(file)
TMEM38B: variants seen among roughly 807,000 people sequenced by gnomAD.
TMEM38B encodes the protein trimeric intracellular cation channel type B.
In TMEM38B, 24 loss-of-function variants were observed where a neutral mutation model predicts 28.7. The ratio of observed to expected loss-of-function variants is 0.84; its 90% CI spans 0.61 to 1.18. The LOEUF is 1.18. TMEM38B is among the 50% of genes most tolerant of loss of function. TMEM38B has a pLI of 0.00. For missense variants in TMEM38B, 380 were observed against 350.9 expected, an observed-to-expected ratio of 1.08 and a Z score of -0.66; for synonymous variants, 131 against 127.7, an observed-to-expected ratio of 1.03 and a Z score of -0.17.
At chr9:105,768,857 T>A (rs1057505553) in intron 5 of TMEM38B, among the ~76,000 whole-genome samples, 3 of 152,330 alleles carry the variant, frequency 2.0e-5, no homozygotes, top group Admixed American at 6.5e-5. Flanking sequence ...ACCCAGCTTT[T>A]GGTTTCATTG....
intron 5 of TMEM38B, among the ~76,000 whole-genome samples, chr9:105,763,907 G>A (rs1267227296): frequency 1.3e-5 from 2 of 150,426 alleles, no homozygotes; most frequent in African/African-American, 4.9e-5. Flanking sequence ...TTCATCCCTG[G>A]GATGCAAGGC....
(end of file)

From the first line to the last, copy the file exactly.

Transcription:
TMEM38B: variants seen among roughly 807,000 people sequenced by gnomAD.
TMEM38B encodes the protein trimeric intracellular cation channel type B.
In TMEM38B, 24 loss-of-function variants were observed where a neutral mutation model predicts 28.7. The ratio of observed to expected loss-of-function variants is 0.84; its 90% CI spans 0.61 to 1.18. The LOEUF is 1.18. TMEM38B is among the 50% of genes most tolerant of loss of function. TMEM38B has a pLI of 0.00. For missense variants in TMEM38B, 380 were observed against 350.9 expected, an observed-to-expected ratio of 1.08 and a Z score of -0.66; for synonymous variants, 131 against 127.7, an observed-to-expected ratio of 1.03 and a Z score of -0.17.
At chr9:105,768,857 T>A (rs1057505553) in intron 5 of TMEM38B, among the ~76,000 whole-genome samples, 3 of 152,330 alleles carry the variant, frequency 2.0e-5, no homozygotes, top group Admixed American at 6.5e-5. Flanking sequence ...ACCCAGCTTT[T>A]GGTTTCATTG....
intron 5 of TMEM38B, among the ~76,000 whole-genome samples, chr9:105,763,907 G>A (rs1267227296): frequency 1.3e-5 from 2 of 150,426 alleles, no homozygotes; most frequent in African/African-American, 4.9e-5. Flanking sequence ...TTCATCCCTG[G>A]GATGCAAGGC....